Since when is bigger better?


General Photography

Last month, I went to a photography show at the Netherlands Architecture Institute with dozens of contemporary photographers’ works shown (unfortunately, weirdly omitting many North American photographer who should have been in there, but that’s another issue). With a few exceptions, the prints were all huge (and by huge I mean literally huge), and I noticed how we’ve almost come to expect something like this from shows now. However, I also noticed that many of the photos did not work very well because they were too large (just for the record, Hester Keijser and Norman Beierle, who were with me, agreed; btw, Hester is the fabulous Mrs Deane).

You can find the same trend in galleries that show contemporary photography. Just for the record, because someone will inevitably misunderstand what I just wrote and take offense, I don’t mean to say that all large prints don’t work. There are many photos that require large prints. But there are many others that do not, and there are some that simply don’t work if their prints are too big.

And there is an unrelated repercussion to this issue, namely that big prints cost a lot of money, which leads to the somewhat unsatisfying result that someone like me simply cannot afford to buy pretty much a single photo by any of my favourite photographers. I don’t find this very satisfactory (I probably don’t have to explain why), and I can imagine that many other people have the same problem.

You could argue that art work always tended to be very expensive etc., but given that photography is not only easily reproducible but also reproducible in different sizes, that argument is not all that convincing, is it? You could also argue that photographers deserve to make a lot of money, since most fine-art photographers don’t exactly live the kind of posh lifestyle that most people think they do. Or you could argue that photography has become a commodity, which people invest in. Or you could bring up many other arguments, which, I’m sure, all make a lot of sense (especially if taken isolated).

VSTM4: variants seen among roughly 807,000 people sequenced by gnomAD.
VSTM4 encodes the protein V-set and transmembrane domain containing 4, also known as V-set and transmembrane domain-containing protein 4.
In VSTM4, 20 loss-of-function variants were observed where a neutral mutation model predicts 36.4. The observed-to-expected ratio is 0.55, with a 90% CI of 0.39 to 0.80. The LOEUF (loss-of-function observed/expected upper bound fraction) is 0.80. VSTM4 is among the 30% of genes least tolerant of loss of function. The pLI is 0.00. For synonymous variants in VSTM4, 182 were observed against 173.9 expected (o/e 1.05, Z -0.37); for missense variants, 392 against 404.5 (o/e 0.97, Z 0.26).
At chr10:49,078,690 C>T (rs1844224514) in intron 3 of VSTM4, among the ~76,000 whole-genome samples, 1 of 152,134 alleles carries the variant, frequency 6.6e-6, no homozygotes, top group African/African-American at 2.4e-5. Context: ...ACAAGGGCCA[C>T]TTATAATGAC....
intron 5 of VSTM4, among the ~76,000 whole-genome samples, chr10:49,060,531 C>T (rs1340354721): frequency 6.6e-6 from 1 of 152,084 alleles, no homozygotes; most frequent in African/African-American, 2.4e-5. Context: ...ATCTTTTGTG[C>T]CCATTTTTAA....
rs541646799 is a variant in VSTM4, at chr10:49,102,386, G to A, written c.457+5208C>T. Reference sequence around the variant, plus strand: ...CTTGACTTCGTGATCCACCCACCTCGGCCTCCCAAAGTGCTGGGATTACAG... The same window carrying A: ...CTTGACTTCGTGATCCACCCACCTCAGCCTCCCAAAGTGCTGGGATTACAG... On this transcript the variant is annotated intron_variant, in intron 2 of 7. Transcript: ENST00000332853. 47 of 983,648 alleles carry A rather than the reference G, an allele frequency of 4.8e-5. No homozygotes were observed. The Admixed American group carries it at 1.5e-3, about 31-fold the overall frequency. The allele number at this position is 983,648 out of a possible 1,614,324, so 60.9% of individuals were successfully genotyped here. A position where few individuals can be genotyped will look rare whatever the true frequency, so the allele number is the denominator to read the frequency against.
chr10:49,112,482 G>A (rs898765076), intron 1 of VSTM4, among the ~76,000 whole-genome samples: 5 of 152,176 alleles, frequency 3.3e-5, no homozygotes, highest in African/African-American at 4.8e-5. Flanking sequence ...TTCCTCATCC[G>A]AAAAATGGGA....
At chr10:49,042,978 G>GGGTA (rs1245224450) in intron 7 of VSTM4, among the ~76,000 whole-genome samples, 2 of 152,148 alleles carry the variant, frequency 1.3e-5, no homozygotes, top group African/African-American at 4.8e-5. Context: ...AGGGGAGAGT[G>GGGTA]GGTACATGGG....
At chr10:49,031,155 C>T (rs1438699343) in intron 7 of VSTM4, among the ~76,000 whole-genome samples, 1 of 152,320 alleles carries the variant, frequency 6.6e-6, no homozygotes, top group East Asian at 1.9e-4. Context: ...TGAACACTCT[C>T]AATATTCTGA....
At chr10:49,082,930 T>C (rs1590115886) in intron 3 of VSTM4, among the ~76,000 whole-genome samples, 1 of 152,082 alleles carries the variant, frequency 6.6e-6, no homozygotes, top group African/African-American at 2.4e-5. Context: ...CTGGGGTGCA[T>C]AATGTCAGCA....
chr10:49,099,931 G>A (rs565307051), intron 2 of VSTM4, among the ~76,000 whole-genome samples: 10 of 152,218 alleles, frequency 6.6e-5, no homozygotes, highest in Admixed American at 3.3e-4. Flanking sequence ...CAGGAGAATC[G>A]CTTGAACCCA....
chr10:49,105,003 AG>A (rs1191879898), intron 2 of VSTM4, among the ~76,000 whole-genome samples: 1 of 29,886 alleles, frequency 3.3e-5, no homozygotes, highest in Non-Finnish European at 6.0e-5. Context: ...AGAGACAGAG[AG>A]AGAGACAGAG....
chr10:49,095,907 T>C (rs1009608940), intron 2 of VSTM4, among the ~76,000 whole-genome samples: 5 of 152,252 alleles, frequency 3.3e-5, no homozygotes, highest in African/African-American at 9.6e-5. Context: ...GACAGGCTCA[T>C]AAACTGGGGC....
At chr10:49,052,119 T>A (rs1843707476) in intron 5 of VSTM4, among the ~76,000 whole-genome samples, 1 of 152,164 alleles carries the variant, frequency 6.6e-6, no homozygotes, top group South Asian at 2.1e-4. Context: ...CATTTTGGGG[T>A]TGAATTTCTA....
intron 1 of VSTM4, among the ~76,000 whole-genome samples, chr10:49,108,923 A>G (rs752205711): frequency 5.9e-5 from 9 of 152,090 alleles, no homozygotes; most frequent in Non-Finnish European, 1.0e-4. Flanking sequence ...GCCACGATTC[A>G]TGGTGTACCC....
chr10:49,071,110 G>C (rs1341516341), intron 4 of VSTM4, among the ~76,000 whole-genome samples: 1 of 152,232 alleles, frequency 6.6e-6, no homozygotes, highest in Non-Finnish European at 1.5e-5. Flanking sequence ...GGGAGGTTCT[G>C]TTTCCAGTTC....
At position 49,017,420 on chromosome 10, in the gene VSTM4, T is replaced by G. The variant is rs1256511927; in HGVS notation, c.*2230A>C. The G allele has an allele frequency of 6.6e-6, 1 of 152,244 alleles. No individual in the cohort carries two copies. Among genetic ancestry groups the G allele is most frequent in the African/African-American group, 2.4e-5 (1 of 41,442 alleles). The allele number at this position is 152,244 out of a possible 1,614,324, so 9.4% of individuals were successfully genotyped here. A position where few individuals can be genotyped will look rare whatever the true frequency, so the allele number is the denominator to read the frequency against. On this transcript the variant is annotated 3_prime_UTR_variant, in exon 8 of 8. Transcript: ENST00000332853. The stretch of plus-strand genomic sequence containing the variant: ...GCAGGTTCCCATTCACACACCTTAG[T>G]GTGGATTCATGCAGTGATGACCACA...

But still… Why are photos now almost expected to be printed in such large sizes, thus automatically becoming unaffordable for most people? In principle, it’s a win-win situation for both photographers and gallery owners, since selling a single print fetches a lot of money. But then imagine you had a limited edition of 100, and imagine it was all smaller sizes, and imagine each would sell for $150, say, and imagine they all would sell. (Lest you think I’m out of my mind, this is how German photo seller Lumas works, and quite successfully so) Would that be so bad?

So, I guess there are really two issues to this topic. The first one is “How have we arrived at a situation where contemporary photography has become synonymous with huge prints?”, and the second one is “Given the interest in contemporary photography is rising quite steeply, wouldn’t it be quite desirable to make acquiring photos more affordable for people who aren’t collectors and/or super-rich?”

As always, I could be completely mistaken with my assumption and everything else I’ve just written. The only thing that I’m not mistaken about is my dissatisfaction about only seeing my own measly photos on the walls of my apartment.